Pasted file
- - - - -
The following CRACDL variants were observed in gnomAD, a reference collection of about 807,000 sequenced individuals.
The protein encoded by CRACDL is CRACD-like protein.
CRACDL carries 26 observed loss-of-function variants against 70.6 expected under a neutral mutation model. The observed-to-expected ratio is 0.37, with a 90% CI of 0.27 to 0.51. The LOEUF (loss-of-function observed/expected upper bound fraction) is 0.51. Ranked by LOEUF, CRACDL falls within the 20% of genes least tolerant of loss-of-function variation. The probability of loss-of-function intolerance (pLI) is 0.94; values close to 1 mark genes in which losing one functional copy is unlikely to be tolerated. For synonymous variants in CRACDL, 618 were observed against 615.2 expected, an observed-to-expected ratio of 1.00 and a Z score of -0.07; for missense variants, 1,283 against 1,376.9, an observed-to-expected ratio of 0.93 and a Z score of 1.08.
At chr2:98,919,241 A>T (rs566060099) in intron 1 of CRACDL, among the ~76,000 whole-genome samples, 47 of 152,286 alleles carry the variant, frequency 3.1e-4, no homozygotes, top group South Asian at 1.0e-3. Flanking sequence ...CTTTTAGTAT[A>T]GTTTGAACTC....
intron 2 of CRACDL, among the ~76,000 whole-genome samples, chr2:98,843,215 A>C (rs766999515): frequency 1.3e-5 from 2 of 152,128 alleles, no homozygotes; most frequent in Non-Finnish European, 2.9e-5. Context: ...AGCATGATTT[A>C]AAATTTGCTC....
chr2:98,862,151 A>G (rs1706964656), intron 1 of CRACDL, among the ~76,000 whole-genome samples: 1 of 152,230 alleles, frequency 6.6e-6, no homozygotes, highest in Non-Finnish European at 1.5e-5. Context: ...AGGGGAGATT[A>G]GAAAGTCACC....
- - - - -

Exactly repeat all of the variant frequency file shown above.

The following CRACDL variants were observed in gnomAD, a reference collection of about 807,000 sequenced individuals.
The protein encoded by CRACDL is CRACD-like protein.
CRACDL carries 26 observed loss-of-function variants against 70.6 expected under a neutral mutation model. The observed-to-expected ratio is 0.37, with a 90% CI of 0.27 to 0.51. The LOEUF (loss-of-function observed/expected upper bound fraction) is 0.51. Ranked by LOEUF, CRACDL falls within the 20% of genes least tolerant of loss-of-function variation. The probability of loss-of-function intolerance (pLI) is 0.94; values close to 1 mark genes in which losing one functional copy is unlikely to be tolerated. For synonymous variants in CRACDL, 618 were observed against 615.2 expected, an observed-to-expected ratio of 1.00 and a Z score of -0.07; for missense variants, 1,283 against 1,376.9, an observed-to-expected ratio of 0.93 and a Z score of 1.08.
At chr2:98,919,241 A>T (rs566060099) in intron 1 of CRACDL, among the ~76,000 whole-genome samples, 47 of 152,286 alleles carry the variant, frequency 3.1e-4, no homozygotes, top group South Asian at 1.0e-3. Flanking sequence ...CTTTTAGTAT[A>T]GTTTGAACTC....
intron 2 of CRACDL, among the ~76,000 whole-genome samples, chr2:98,843,215 A>C (rs766999515): frequency 1.3e-5 from 2 of 152,128 alleles, no homozygotes; most frequent in Non-Finnish European, 2.9e-5. Context: ...AGCATGATTT[A>C]AAATTTGCTC....
chr2:98,862,151 A>G (rs1706964656), intron 1 of CRACDL, among the ~76,000 whole-genome samples: 1 of 152,230 alleles, frequency 6.6e-6, no homozygotes, highest in Non-Finnish European at 1.5e-5. Context: ...AGGGGAGATT[A>G]GAAAGTCACC....